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    65 years after the first nuclear reaction in the country, Argentina seeks to have RA-10 ready by 2024

    January 18, 2023 - CE Noticias Financieras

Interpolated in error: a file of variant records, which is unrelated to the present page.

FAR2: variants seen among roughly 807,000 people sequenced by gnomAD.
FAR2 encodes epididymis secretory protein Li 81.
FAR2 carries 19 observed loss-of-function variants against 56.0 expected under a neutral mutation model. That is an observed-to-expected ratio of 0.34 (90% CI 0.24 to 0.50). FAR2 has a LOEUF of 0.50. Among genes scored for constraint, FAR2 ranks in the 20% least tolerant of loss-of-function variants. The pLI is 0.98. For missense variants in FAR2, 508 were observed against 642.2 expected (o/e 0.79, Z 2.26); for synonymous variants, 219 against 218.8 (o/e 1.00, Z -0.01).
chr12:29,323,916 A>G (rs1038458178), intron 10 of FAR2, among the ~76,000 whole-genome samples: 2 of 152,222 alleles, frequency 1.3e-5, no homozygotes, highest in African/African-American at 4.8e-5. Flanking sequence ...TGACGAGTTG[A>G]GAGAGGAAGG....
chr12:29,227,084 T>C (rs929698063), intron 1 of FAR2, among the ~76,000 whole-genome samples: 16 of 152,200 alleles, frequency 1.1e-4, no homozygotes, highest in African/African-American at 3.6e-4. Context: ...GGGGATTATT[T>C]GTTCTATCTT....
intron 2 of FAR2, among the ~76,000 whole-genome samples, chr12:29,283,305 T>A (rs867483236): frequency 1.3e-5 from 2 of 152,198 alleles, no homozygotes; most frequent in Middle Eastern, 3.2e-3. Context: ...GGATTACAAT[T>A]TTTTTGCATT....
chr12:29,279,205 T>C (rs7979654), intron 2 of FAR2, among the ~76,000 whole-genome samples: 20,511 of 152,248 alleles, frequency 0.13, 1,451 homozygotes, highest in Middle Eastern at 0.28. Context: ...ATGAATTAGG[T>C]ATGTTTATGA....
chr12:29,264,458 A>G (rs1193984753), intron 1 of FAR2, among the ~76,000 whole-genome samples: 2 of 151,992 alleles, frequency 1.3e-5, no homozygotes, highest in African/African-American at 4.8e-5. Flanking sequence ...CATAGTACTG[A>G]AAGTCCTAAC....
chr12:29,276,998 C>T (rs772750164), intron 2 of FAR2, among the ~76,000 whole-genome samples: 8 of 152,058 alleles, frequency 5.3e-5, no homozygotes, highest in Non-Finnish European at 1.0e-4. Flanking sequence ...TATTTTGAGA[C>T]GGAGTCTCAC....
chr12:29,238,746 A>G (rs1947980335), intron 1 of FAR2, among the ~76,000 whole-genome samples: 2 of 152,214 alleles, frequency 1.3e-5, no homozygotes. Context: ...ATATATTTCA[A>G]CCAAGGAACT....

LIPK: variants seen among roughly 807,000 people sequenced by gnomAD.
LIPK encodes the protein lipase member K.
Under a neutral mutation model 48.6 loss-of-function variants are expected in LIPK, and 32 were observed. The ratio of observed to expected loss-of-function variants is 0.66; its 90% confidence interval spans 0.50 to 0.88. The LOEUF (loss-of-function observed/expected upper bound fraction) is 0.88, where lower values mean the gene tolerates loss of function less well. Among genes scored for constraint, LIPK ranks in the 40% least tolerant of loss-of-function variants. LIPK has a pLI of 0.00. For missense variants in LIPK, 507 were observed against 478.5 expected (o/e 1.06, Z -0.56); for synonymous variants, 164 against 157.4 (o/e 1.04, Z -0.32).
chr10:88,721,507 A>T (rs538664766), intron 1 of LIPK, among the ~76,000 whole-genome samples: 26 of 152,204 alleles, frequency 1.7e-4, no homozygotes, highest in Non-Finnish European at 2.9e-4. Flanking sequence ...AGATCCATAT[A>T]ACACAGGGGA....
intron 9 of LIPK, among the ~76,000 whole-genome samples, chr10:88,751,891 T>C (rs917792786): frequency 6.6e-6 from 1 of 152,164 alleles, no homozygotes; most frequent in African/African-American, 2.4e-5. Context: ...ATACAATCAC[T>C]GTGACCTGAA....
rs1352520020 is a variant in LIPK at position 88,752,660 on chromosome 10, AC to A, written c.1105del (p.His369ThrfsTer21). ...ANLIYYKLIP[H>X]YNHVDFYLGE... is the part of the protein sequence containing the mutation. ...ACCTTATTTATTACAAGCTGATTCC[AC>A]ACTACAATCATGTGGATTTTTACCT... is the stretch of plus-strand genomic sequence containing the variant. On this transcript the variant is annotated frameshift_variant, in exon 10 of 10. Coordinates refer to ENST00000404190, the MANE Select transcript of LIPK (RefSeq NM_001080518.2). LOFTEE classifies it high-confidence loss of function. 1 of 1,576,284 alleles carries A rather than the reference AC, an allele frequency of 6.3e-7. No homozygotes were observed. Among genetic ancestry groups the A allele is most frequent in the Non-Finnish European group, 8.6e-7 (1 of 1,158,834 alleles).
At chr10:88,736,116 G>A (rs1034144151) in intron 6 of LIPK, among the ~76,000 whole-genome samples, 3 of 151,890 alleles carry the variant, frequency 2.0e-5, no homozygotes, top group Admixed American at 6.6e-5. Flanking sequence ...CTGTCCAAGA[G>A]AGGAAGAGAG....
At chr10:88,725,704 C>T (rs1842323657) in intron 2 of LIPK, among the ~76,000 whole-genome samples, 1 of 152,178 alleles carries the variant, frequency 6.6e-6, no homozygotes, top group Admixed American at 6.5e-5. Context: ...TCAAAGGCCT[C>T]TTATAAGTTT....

Sixty-five years after the first controlled nuclear reaction in Latin America was carried out in Argentina with the RA-1 reactor -built by local scientists and with its own technology-, work is underway to assemble the RA-10, a reactor to supply and export radioisotopes for medical use, which will be operational by the end of 2024. In November 1956, the National Atomic Energy Commission (CNEA) announced that Argentina would buy a nuclear reactor, but the transaction was delayed and the then Captain Oscar Quihillalt obtained the plans of a small experimental reactor that had been inaugurated at the Argonne National Laboratory in Chicago and brought them to the country. On April 9, 1957, it was decided that the CNEA would build the first Argentine nuclear research reactor on the premises of the General Directorate of Military Manufacturing, in Constituyentes and General Paz, in the Buenos Aires suburbs. "At the beginning they didn't let them participate in the experiments. Until they found a problem in the register of the reactor they were testing, and after that they were allowed to attend the practices. And they learned a lot," said electronics engineer Hugo Scolari, who has been head of RA-1 for four decades, in a statement released by the organization. The Argentine scientists worked from 12 to 18 hours a day to build the reactor; the process lasted only nine months and the first test began on January 16, 1958. According to the scientists at the time, at the beginning it seemed that there was not enough uranium to reach criticality, but they solved the problem by changing the position of the fuel elements, placing those containing more uranium in the center. Thus, the self-sustained nuclear chain reaction was achieved at 6:30 a.m. on January 17, 1958 and was the first in Latin America. Brazil inaugurated its reactor five days later. But three days later, the reactor was officially inaugurated and named after Enrico Fermi, the scientist who developed the world's first artificial nuclear reactor in 1942. It is still used today for human resources training; extensive outreach activities; neutron activation testing of materials; studies of radiation damage, for example, in metals that will later become part of Power Reactors, and the development of a revolutionary therapy in nuclear medicine to treat certain types of cancer, called BNCT (Boron Neutron Capture Therapy). "The RA-1 was the beginning of the Argentine nuclear career and today it is in service thanks to the technological, scientific, human and management capabilities of our country and its people; the same capabilities that today allow the development of the RA-10", highlighted from the Department of Experimental Reactors and Services of CNEA (GRyCN - GAEN), led by Fabián Moreira and integrated by Juan Manuel Politano, Florencia Parrino and Agustina González. And they continued: "This is history entering into dialogue with the present, to build the future. The RA-1 is the seed that was sown in 1957 and appeared in 1958, giving rise to the current ecosystem of nuclear excellence that today leads our country". The RA-10, which is under construction, will replace the RA-3 reactor (which began operating in 1967 and will continue to operate for academic purposes) to supply Argentina and other countries with radioisotopes for medical, industrial and agricultural use. The project manager of the National Atomic Energy Commission (CNEA), Herman Blaumann, explained to Télam last May that "one out of every one hundred Argentines per year requires a SPECT study with a Gamma camera, as, for example, when a scintigraphy is performed. These studies are performed with a radioisotope called molybdenum, which is produced in the RA-3 reactor". In addition to ensuring the self-supply of radioisotopes, it is estimated that the RA-10 will be operational at a strategic moment of great demand worldwide because in 2025 several reactors in other countries will go out of service due to the end of their useful life. "We intend to capture 20 percent of the world market", foresees Blaumann, who considered that "it is an export with a high added value that could bring in around 50 million dollars per year". The new facility will have laboratories for testing nuclear fuels and for studies with neutron techniques in different disciplines such as biology, chemistry, paleontology, physics, geology, pharmacology and materials science. This is possible because the reactor will generate neutrons, which are particles whose properties make it possible to question the structure of matter in a non-invasive way and to know its state or characteristics at the molecular level through neutron diffraction. Another of the many applications will be in the area of paleontology, since the LAHN will be able to observe fossils without the need to remove them from the rock or surrounding material, which saves time and minimizes the risk of deterioration. The LAHN will have applications in industry through the analysis of wear, cracks and stresses in, for example, the rails of a train to predict where it may fail or break and calculate when it should be replaced. In the scientific field, given that there are very few laboratories of this type in the southern hemisphere, the LAHN will attract international researchers, which will make it possible to generate scientific collaboration agreements and the exchange of instruments between countries. In terms of safety, the complex complies with international standards and the national regulations of the Nuclear Regulatory Authority. "This is an experimental reactor of 30 megawatts, its power is many times lower than that of a power plant used to generate electricity," Blaumann pointed out. Regarding deadlines, it is expected that in March the civil works of RA-10 will be completed and one year later the construction will be finished to start up in December 2024. (Télam)